This was a nice message, right up to the end where pressing the wrong button makes them look stupid. Felt insulting to me and I’m not a woman.
Michelob Ultra Organic
Sounds like a nice program. But buy our beer and we’ll buy land for organic farming? Maybe buy the land first and do the farming, then talk about the good. At least in that case the do-gooding would be tangible. This way, it feels conditional, like a bribe.
Avocados from Mexico
My grandparents had an avocado ranch. I like avocados. I hear spreading them on toast is a thing. I prefer to scoop them out with a spoon and eat them for breakfast like a weirdo. What I don’t like? This commercial, and I can’t quite put my finger on it. Sometimes that’s the case. The little avocado jump suit was cute. I didn’t even catch the Molly Ringwald celebrity sighting until someone pointed it out this morning. They even called out Molly to make sure I didn’t miss it. But I did.
Hard Rock Hotels
Celeb fest. I don’t get it. Why would DJ Khalid steal JLo’s bedazzled sippy cup? Couldn’t he buy his own? Why does this make me want to stay there?
Pringles Rick and Morty
I like Rick and Morty, so I enjoyed the commercial. Just felt like borrowed interest. I guess they’re hoping for McDonald’s Szechuan Sauce-level outrage if a store runs out of Pringles. Are cartoon characters celebrities?
The John Legend and Chrissy Teigen ad
The spot was for the Genesis GV80. It had a couple of easy gags, but the problem with having a celebrity driven spot is I think most people will remember it for the celebrities who were in it.
Jonah Hill and Martin Scorsese hang out. Okay, sure.
Mr. Peanut Rebirth
I think just about everyone saw this coming when they killed him off a couple of weeks ago. Felt anti-climactic.
Google My Wife Died
I’m usually not one for sappy ads, but this one worked pretty well. It’s Google doing good. I’m sure they won’t sell any of the personal information about his wife to a third party.
Sabra Celebrity Spot
All celebrities, no idea.
Bud Light Seltzer
Can’t say I’m a Post Malone fan, but this ad held up. I think all the little Post brain people tatted up was a nice touch. A solid spot for one of the many new Zima products.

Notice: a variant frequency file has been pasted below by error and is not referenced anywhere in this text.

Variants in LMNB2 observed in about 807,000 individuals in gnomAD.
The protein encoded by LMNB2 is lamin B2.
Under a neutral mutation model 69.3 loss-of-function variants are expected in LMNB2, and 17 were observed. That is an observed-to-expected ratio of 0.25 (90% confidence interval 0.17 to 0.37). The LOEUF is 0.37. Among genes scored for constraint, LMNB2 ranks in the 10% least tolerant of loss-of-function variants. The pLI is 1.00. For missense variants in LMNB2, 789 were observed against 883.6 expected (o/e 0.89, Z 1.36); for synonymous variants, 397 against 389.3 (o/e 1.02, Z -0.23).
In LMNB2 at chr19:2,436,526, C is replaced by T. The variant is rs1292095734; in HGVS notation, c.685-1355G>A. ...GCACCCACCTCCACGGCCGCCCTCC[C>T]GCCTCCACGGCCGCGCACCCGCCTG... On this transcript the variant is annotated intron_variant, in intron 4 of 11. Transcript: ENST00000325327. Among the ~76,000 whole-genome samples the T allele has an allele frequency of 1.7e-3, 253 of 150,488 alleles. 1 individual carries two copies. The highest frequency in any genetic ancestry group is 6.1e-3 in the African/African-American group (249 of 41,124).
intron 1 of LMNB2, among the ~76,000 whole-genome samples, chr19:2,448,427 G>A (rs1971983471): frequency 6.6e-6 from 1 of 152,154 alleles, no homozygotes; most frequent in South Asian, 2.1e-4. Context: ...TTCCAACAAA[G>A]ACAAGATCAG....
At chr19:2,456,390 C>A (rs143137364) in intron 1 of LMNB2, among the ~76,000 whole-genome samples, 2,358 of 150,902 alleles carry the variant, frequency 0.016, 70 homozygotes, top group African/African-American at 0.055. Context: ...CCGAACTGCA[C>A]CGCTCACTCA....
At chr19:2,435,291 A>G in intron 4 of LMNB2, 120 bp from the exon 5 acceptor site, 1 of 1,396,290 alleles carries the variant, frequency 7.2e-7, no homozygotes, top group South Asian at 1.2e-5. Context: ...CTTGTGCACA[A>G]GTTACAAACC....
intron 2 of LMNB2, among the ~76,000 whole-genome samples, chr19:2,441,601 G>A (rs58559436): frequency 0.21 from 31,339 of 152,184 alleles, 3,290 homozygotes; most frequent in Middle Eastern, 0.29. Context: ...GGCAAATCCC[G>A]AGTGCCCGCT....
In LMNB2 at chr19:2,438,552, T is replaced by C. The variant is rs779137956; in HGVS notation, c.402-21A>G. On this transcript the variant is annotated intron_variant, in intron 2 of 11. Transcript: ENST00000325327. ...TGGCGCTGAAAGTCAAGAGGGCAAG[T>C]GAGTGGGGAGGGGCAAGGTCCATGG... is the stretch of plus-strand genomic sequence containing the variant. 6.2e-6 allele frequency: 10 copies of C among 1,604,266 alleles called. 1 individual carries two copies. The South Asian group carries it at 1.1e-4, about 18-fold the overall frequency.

I like this one for the Sliced Bread, Inc. company logo. Fun and had an idea. Didn’t need Rainn Wilson to carry it through.
Cool Ranch Sam Elliot vs Lil Nas X Dance Off
A lot of people liked this. I didn’t and I felt bad for Sam Elliot, though I’m sure he was paid well. I like the song, though.
Reese’s Take 5
A guy with his head up his ass. Clever.
I liked this one. Had me laughing at a few of the lines and scenes, and was built off the idea “what did people do before Alexa?” Clearly pulled from the brief and dropped in the ad. Would have completely worked without Ellen and Portia playing themselves. But it was the Super Bowl.
Jimmy Fallon. John Cena. Yup.
I liked the spot, especially the monster. The Highlander has plenty of room, point well-made and driven home.
Discover No Fees
Discover Yes We Take It
T-Mobile Anthony Anderson
Here’s me being a hypocrite. T-Mobile makes the case they now have good coverage. It’s a celebrity spot, but Anthony Anderson and his mom are charming.
Budweiser Typical Americans
Typical pandering. I don’t expect much out of Budweiser’s beer, but I do expect better out of their advertising.
Proctor and Gamble We Make Everything
Another mash up moment that at first made me think it was a Tide ad, then wonder what was going on, then finally wonder why. Is there anyone out there who doesn’t know who P&G is?
Jeep Groundhog Day
I’m guessing the concepting session went something like this: “Hey, the game’s on Groundhog’s Day, what if we remake Groundhog Day with a Jeep Gladiator in it?” It has celebrities, it’s borrowed, it’s meticulously recreated, and it works because there’s an idea – what if Bill Murray had a Jeep in the movie? It’s even summed up when Murray sees the truck and says, “That’s different.” Now he’s excited, a parallel for every one of us getting up each day to do the same thing. If only we had a Jeep Gladiator. And if only it wasn’t homely.
Arya Stark’s brand is stabbing people. No one was stabbed in this ad and it left me somewhat disappointed. Instead she sang a song from Frozen.